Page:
Intestacy in Ireland-Extracting a Grant of Administration Intestate

When a person dies having failed to make a will, he/she is said to have died intestate. This means that his estate will be distributed in accordance with the Succession Act, 1965, part VI.

intestacy-in-irish-probate-law

This sets out the rules for distribution on intestacy, the shares of surviving spouses and issue, the shares of parents, brothers, sisters, and other matters.

The rules concerning who can take out the grant of administration intestate are set out in the Rules of the Superior Courts 1986, Order 79, rule 5:

Rule 5(1) deals with the order of priority as to who can apply in an intestate situation:

5. (1) In determining to whom letters of administration of the estate of a person who died on or after the 1st of January, 1967, wholly intestate and domiciled in Ireland shall be granted, the persons having a beneficial interest in the estate of the deceased shall be entitled to a grant of administration in the following order of priority, namely:

(a) the surviving spouse;

(b) the surviving spouse jointly with a child of the deceased nominated by the said spouse;

(c) the child or children of the deceased (including any person entitled by virtue of the Legitimacy Act, 1931, to succeed to the estate of the deceased);

(d) the issue of any child who has died during the lifetime of the deceased;

(e) the father or mother of the deceased or, in the case of an illegitimate person who died without having been legitimated, the mother;

(f) brothers and sisters of the deceased (whether of the whole or half-blood);

(g) where any brother or sister survived the deceased, the children of a predeceased brother or sister;

(h) nephews and nieces of the deceased (whether of the whole or half-blood);

(i) grandparents;

(j) uncles and aunts (whether of the whole or half-blood);

(k) great grandparents;

(l) other next-of-kin of nearest degree (whether of the whole or half-blood) preferring collateral’s to direct lineal ancestors;

(m) the nominee of the State;

The entitlement to extract the grant of administration intestate is determined at the date of death of the deceased as section 71 of the Succession Act, 1965 provides:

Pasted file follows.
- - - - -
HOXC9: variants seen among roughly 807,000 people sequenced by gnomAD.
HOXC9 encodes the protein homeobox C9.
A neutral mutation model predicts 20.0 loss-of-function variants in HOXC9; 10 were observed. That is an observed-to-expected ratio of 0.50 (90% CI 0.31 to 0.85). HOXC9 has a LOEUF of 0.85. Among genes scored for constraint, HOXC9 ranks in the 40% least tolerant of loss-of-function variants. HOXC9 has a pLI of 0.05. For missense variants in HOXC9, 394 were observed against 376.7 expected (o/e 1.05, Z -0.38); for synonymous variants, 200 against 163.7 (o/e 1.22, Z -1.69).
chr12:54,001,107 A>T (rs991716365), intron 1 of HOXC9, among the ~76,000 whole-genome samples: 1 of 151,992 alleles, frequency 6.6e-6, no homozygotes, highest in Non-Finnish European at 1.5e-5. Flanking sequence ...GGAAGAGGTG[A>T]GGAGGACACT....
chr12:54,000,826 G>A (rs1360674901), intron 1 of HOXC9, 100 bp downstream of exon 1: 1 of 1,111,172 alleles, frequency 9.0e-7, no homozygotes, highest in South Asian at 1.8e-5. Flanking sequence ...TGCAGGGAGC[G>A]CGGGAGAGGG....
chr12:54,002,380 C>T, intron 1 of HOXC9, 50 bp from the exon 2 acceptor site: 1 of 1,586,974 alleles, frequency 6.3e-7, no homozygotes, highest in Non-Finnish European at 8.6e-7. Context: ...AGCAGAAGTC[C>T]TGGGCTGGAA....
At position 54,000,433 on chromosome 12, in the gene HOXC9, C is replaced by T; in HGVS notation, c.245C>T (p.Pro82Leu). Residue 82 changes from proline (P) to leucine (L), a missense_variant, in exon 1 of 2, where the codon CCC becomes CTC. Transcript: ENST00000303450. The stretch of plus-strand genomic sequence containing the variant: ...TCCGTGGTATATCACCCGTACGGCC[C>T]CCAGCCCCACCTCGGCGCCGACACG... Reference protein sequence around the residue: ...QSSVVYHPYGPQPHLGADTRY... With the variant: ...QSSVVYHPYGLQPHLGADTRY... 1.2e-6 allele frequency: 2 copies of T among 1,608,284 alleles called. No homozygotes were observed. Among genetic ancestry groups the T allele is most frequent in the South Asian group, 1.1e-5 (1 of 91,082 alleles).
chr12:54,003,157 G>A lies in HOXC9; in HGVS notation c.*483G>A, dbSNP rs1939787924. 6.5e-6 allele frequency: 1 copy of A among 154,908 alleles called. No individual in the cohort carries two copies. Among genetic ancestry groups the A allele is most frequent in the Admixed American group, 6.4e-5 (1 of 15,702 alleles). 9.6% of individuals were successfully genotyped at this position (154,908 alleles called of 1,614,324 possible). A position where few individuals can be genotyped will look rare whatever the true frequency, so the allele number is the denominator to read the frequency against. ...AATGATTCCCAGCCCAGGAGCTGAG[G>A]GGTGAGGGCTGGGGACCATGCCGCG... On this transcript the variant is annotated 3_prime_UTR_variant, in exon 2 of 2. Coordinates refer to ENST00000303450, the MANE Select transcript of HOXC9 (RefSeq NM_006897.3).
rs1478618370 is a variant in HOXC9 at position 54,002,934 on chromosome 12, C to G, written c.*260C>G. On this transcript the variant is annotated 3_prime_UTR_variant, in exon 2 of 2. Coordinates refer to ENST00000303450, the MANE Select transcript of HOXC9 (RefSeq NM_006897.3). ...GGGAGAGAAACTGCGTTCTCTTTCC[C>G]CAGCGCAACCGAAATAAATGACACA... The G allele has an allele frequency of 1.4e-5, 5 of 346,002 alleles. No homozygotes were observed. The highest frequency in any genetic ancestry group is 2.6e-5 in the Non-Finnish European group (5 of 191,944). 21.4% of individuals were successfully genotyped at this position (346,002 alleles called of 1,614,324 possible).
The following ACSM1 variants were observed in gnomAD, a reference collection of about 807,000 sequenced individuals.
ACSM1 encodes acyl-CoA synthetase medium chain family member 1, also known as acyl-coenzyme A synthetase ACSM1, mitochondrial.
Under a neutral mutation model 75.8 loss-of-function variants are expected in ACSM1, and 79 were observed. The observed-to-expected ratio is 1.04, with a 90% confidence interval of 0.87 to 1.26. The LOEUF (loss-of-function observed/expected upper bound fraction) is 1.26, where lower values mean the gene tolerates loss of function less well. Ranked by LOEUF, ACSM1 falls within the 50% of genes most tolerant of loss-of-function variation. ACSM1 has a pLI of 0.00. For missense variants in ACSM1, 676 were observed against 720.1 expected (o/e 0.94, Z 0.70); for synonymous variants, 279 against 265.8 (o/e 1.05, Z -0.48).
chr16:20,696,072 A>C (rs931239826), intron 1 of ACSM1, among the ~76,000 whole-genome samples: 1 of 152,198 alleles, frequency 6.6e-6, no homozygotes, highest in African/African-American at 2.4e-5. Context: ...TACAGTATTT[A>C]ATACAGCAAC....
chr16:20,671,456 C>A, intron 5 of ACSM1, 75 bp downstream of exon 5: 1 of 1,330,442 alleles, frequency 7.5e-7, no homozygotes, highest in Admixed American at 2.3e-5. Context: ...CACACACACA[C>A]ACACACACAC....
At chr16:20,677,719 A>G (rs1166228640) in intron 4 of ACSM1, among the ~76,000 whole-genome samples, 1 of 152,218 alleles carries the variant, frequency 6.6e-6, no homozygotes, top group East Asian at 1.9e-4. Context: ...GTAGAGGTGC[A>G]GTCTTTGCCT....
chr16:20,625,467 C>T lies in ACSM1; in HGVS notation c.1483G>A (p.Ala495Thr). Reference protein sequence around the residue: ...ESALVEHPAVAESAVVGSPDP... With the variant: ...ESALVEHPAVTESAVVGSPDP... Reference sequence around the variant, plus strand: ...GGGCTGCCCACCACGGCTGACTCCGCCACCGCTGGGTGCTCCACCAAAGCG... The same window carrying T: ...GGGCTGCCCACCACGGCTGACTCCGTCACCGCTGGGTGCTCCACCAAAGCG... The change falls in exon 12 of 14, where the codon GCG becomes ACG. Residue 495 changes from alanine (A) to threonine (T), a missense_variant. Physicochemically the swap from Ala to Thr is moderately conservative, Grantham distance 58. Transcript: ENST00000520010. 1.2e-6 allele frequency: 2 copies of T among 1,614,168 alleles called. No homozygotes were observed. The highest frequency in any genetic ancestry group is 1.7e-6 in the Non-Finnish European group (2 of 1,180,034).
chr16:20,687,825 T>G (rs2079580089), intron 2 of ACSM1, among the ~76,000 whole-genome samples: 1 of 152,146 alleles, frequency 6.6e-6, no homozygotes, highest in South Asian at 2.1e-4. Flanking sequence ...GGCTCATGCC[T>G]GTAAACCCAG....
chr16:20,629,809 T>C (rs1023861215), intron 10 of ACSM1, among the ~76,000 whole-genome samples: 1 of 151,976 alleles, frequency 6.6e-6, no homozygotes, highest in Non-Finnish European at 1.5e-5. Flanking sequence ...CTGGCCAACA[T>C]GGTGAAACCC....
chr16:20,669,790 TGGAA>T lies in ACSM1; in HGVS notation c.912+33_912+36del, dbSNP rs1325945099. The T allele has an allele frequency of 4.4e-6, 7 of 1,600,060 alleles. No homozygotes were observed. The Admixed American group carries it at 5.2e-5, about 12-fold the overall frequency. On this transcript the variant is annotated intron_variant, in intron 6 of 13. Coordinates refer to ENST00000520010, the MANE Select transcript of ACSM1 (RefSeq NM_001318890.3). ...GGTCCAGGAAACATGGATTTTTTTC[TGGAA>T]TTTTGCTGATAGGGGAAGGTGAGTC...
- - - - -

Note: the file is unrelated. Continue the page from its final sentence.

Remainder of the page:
71.—(1) Subject to the rights of representation mentioned in subsection (2) of section 70, the person or persons who, at the date of the death of the intestate, stand nearest in blood relationship to him shall be taken to be his next-of-kin.

It is worth noting therefore that if a person is not a next of kin at the date of death of the deceased, he cannot become one-even if all the deceased’s other relatives are dead. (‘Next of kin’ are blood relations)

Section 70 of Succession Act, 1965 states:

70.—(1) If an intestate dies leaving neither spouse nor issue nor parent nor brother nor sister nor children of any deceased brother or sister, his estate shall, subject to the succeeding provisions of this Part, be distributed in equal shares among his next-of-kin.

Shares of Surviving Spouse and Issue

Section 67 of the Succession Act states:

67.—(1) If an intestate dies leaving a spouse and no issue, the spouse shall take the whole estate.

(2) If an intestate dies leaving a spouse and issue—

(a) the spouse shall take two-thirds of the estate, and

(b) the remainder shall be distributed among the issue in accordance with subsection (4).

(3) If an intestate dies leaving issue and no spouse, his estate shall be distributed among the issue in accordance with subsection (4).

(4) If all the issue are in equal degree of relationship to the deceased the distribution shall be in equal shares among them; if they are not, it shall be per stirpes.

Documents Required to Extract a Grant of Administration Intestate

  • Death certificate
  • Oath for administrator intestate
  • Typed notice of application or copy of oath
  • Affidavit of current market value of land
  • Inland revenue affidavit (CA 24)
  • Administration bond.